They play the game with the same rules on the same diamond. But how they develop their game based on practice looks to be a little different between Japan and the United States.
Before Saturday’s Game 3 of the MLB-Japan All-Star Series, Tampa Bay Rays outfielder Ben Zobrist was closely observing the Japan’s fielding practice with a curious look, standing in front of his own dugout at Tokyo Dome.
“Nothing specific,” Zobrist said before Game 4, asked what he was watching. “(But) I like watching good baseball, good players. I saw guys at third base. They were using catcher’s mitts. So I thought that was interesting because you don’t see that a lot (in the United States).”
Perhaps Zobrist was aware, but those Japanese players were actually catchers. It’s a common scene that the catchers take the field like that in the NPB.
Zobrist also noticed that the Japanese players get serious, focusing on their workouts and practices. For example, he said that the fielders were throwing balls hard, which they don’t do back in the States.
“A lot of times, (in) American baseball, before the game, you don’t throw hard,” Zobrist said. “You don’t throw that hard and they are throwing the ball hard, so it’s cool to see their effort that they put into the game even before the game, in the practice.”
Overall, Japanese baseball is more “regimented” and “team-oriented,” Zobrist said of his impression.
When this interview was held, the Japanese players were stretching in front of their bench. And while watching it, Zobrist was surprised to see how identical they were moving.
“Everybody’s doing the exact same thing, they are all stretching in the same way,” said the native of Eureka, Illinois. “In the United States, before a game, it’s not like everybody’s stretching in the same way. We are stretching at the same time, but in different ways. I guess they are team-oriented. It’s more individual-oriented in the Unites States.”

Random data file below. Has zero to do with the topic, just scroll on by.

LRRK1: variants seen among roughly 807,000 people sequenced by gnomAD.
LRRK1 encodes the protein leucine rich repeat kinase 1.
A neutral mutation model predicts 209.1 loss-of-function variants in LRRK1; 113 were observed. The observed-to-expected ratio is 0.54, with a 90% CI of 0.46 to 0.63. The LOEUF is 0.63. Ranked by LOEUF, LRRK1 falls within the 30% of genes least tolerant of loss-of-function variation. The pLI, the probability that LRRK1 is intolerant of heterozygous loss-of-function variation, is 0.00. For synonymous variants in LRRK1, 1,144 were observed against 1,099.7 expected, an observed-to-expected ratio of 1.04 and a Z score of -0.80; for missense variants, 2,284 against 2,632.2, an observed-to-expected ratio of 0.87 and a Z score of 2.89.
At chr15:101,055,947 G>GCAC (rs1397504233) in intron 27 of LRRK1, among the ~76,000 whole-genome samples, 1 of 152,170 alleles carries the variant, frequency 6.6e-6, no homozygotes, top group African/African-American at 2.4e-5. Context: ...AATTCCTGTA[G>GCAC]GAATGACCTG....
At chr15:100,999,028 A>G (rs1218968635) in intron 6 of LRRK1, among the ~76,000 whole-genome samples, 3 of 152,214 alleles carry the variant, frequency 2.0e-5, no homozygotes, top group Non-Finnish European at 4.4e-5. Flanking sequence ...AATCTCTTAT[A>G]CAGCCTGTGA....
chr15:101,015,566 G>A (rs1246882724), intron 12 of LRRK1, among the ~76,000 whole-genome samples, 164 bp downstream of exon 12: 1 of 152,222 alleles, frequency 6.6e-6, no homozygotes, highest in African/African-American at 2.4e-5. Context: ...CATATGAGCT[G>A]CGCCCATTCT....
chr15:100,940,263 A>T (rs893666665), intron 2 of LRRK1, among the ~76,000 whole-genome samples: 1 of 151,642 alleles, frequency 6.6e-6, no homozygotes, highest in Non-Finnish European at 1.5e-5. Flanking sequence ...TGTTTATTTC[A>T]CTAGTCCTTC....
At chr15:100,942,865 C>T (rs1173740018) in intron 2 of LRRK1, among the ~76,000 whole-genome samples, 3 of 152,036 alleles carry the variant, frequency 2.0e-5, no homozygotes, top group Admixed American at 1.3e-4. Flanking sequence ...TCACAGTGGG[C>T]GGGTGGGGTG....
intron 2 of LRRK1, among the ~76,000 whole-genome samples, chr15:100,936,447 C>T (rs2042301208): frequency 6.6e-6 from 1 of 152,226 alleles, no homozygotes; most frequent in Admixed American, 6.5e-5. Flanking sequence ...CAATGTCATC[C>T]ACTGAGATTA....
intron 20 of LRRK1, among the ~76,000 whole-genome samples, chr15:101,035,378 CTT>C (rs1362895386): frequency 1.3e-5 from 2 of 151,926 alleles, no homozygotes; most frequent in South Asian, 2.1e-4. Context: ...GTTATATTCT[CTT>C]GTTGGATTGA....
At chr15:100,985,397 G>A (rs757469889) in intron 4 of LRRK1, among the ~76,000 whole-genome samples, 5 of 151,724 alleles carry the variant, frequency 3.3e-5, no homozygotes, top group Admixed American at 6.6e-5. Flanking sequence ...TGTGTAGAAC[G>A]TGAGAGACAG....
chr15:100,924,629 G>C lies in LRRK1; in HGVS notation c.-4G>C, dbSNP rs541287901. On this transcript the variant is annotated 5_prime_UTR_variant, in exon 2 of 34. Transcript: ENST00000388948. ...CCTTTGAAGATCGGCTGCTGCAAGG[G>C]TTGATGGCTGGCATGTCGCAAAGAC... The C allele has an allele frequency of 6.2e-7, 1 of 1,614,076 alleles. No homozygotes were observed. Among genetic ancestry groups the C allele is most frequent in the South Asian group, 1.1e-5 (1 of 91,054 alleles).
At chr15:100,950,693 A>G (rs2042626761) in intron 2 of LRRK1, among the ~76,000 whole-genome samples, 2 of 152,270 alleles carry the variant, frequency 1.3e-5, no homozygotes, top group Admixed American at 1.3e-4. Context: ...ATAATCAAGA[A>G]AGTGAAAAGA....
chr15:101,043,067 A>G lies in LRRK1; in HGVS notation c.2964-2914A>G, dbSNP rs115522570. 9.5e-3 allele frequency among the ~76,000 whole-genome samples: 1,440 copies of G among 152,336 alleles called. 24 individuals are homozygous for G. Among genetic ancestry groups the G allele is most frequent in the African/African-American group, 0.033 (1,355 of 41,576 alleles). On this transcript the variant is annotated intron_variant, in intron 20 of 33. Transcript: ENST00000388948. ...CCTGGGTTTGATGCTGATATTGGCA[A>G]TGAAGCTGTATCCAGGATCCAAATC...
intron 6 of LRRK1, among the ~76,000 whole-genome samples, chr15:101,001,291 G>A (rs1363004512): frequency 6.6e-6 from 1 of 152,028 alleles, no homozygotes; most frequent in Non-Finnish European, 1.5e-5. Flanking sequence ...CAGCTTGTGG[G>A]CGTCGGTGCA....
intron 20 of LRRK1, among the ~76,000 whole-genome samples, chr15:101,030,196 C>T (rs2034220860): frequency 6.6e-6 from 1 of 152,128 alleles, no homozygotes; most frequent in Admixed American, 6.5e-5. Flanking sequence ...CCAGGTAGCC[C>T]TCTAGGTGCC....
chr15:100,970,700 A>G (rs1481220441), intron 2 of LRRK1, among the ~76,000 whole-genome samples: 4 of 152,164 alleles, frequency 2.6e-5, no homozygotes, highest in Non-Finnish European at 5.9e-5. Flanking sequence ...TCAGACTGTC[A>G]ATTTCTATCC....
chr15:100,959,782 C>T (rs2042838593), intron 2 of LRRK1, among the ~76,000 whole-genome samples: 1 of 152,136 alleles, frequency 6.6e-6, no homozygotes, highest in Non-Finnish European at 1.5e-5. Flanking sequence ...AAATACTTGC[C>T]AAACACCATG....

Meanwhile, the children in Japan and the U.S. do things differently in their practices as well, and some of the big leaguers admired how the Japanese kids worked to raise their performance.
On Sunday morning, Baltimore Orioles pitcher Tommy Hunter, Pittsburgh Pirates reliever Mark Melancon and New York Mets slugger Lucas Duda held a baseball clinic for Japanese children at a batting cage called Under Armour Baseball House Kawasaki Kuji.
Hunter and Melancon instructed pitchers, while Duda gave them some tips on hitting. As much as the Samurai Japan players seriously tackle their practices, the local kids were eager to absorb what the three major leaguers taught them. (Hunter responded with enthusiasm. He was yelling like, “Otani!” and “Next Yu Darvish!” to them)
“It was more fun for us players than the kids themselves,” said Duda, who hit a career-high 30 homers in 2014. “They are an extremely talented group. They listened well, respectful, can’t say enough about them.”
Melancon seemed to have been impressed with the kids’ skill levels, which he thought were a lot higher than he’d expected.
“The kids are very skilful,” Melancon said. “You know, typical 8- to 12-year-olds don’t usually have any idea what they are doing, you know. But these kids are ahead of the curve.”
And like Duda, Melancon admired their discipline and enthusiasm for the game.
“I think their discipline is better (than those in the U.S.),” Melancon said. “They have willingness to learn and listen. I think from my cultural standpoint, it’s a lot better.”
IN FIVE EASY PIECES WITH TAKE 5